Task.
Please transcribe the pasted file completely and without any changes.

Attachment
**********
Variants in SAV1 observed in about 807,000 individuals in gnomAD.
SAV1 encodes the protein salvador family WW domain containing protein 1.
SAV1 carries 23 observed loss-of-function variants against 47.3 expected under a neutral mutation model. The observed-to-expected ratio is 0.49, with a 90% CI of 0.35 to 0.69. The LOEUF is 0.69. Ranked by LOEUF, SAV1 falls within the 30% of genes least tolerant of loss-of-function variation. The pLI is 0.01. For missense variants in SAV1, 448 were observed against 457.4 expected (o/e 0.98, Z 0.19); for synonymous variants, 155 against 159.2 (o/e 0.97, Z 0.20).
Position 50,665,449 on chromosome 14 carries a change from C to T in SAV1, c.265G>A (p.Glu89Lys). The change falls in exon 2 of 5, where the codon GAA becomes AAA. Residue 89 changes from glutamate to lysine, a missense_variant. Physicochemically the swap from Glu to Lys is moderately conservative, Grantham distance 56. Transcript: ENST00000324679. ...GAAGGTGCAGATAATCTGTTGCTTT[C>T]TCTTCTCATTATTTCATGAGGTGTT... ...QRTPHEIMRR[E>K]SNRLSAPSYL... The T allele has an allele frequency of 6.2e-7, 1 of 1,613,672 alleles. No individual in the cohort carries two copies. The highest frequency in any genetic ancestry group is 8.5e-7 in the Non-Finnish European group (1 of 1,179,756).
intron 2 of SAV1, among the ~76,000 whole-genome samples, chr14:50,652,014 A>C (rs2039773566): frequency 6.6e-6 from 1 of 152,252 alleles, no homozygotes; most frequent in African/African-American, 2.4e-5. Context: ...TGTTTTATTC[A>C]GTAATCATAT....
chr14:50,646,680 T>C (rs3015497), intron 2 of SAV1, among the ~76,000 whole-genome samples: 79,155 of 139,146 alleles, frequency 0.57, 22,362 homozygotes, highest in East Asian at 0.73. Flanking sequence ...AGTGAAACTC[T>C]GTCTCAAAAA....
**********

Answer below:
Variants in SAV1 observed in about 807,000 individuals in gnomAD.
SAV1 encodes the protein salvador family WW domain containing protein 1.
SAV1 carries 23 observed loss-of-function variants against 47.3 expected under a neutral mutation model. The observed-to-expected ratio is 0.49, with a 90% CI of 0.35 to 0.69. The LOEUF is 0.69. Ranked by LOEUF, SAV1 falls within the 30% of genes least tolerant of loss-of-function variation. The pLI is 0.01. For missense variants in SAV1, 448 were observed against 457.4 expected (o/e 0.98, Z 0.19); for synonymous variants, 155 against 159.2 (o/e 0.97, Z 0.20).
Position 50,665,449 on chromosome 14 carries a change from C to T in SAV1, c.265G>A (p.Glu89Lys). The change falls in exon 2 of 5, where the codon GAA becomes AAA. Residue 89 changes from glutamate to lysine, a missense_variant. Physicochemically the swap from Glu to Lys is moderately conservative, Grantham distance 56. Transcript: ENST00000324679. ...GAAGGTGCAGATAATCTGTTGCTTT[C>T]TCTTCTCATTATTTCATGAGGTGTT... ...QRTPHEIMRR[E>K]SNRLSAPSYL... The T allele has an allele frequency of 6.2e-7, 1 of 1,613,672 alleles. No individual in the cohort carries two copies. The highest frequency in any genetic ancestry group is 8.5e-7 in the Non-Finnish European group (1 of 1,179,756).
intron 2 of SAV1, among the ~76,000 whole-genome samples, chr14:50,652,014 A>C (rs2039773566): frequency 6.6e-6 from 1 of 152,252 alleles, no homozygotes; most frequent in African/African-American, 2.4e-5. Context: ...TGTTTTATTC[A>C]GTAATCATAT....
chr14:50,646,680 T>C (rs3015497), intron 2 of SAV1, among the ~76,000 whole-genome samples: 79,155 of 139,146 alleles, frequency 0.57, 22,362 homozygotes, highest in East Asian at 0.73. Flanking sequence ...AGTGAAACTC[T>C]GTCTCAAAAA....